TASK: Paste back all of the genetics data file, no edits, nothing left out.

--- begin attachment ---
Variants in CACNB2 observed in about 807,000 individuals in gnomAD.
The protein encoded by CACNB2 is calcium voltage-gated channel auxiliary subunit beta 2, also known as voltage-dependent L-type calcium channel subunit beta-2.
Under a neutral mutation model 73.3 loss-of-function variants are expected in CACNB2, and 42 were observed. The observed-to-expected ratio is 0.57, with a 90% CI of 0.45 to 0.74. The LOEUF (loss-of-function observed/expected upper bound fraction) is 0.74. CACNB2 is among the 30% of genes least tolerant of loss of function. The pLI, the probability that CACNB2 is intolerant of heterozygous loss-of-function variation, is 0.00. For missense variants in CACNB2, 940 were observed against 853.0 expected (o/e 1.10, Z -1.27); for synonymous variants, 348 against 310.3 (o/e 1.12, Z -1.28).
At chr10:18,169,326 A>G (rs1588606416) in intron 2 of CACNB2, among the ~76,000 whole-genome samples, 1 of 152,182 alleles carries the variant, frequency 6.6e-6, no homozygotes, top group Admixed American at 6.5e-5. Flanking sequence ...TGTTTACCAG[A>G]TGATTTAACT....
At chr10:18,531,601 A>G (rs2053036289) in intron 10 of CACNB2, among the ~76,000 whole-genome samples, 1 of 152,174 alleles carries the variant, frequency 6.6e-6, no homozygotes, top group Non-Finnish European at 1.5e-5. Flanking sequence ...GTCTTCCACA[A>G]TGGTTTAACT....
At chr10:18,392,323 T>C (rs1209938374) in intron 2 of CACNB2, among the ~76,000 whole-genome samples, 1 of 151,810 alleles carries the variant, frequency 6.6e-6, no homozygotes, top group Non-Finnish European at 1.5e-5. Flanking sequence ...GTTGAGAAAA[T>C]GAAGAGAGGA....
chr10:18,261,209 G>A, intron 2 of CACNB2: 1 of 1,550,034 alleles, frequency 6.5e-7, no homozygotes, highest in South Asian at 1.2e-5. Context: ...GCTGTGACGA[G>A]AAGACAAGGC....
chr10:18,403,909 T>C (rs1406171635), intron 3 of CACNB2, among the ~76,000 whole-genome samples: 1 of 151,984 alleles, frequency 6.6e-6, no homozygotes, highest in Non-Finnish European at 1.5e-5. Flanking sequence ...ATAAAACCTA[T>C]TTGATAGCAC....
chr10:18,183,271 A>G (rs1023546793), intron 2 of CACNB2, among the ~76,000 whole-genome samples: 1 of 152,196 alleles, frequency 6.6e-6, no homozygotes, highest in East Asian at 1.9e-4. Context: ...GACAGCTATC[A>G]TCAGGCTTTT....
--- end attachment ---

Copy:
Variants in CACNB2 observed in about 807,000 individuals in gnomAD.
The protein encoded by CACNB2 is calcium voltage-gated channel auxiliary subunit beta 2, also known as voltage-dependent L-type calcium channel subunit beta-2.
Under a neutral mutation model 73.3 loss-of-function variants are expected in CACNB2, and 42 were observed. The observed-to-expected ratio is 0.57, with a 90% CI of 0.45 to 0.74. The LOEUF (loss-of-function observed/expected upper bound fraction) is 0.74. CACNB2 is among the 30% of genes least tolerant of loss of function. The pLI, the probability that CACNB2 is intolerant of heterozygous loss-of-function variation, is 0.00. For missense variants in CACNB2, 940 were observed against 853.0 expected (o/e 1.10, Z -1.27); for synonymous variants, 348 against 310.3 (o/e 1.12, Z -1.28).
At chr10:18,169,326 A>G (rs1588606416) in intron 2 of CACNB2, among the ~76,000 whole-genome samples, 1 of 152,182 alleles carries the variant, frequency 6.6e-6, no homozygotes, top group Admixed American at 6.5e-5. Flanking sequence ...TGTTTACCAG[A>G]TGATTTAACT....
At chr10:18,531,601 A>G (rs2053036289) in intron 10 of CACNB2, among the ~76,000 whole-genome samples, 1 of 152,174 alleles carries the variant, frequency 6.6e-6, no homozygotes, top group Non-Finnish European at 1.5e-5. Flanking sequence ...GTCTTCCACA[A>G]TGGTTTAACT....
At chr10:18,392,323 T>C (rs1209938374) in intron 2 of CACNB2, among the ~76,000 whole-genome samples, 1 of 151,810 alleles carries the variant, frequency 6.6e-6, no homozygotes, top group Non-Finnish European at 1.5e-5. Flanking sequence ...GTTGAGAAAA[T>C]GAAGAGAGGA....
chr10:18,261,209 G>A, intron 2 of CACNB2: 1 of 1,550,034 alleles, frequency 6.5e-7, no homozygotes, highest in South Asian at 1.2e-5. Context: ...GCTGTGACGA[G>A]AAGACAAGGC....
chr10:18,403,909 T>C (rs1406171635), intron 3 of CACNB2, among the ~76,000 whole-genome samples: 1 of 151,984 alleles, frequency 6.6e-6, no homozygotes, highest in Non-Finnish European at 1.5e-5. Flanking sequence ...ATAAAACCTA[T>C]TTGATAGCAC....
chr10:18,183,271 A>G (rs1023546793), intron 2 of CACNB2, among the ~76,000 whole-genome samples: 1 of 152,196 alleles, frequency 6.6e-6, no homozygotes, highest in East Asian at 1.9e-4. Context: ...GACAGCTATC[A>G]TCAGGCTTTT....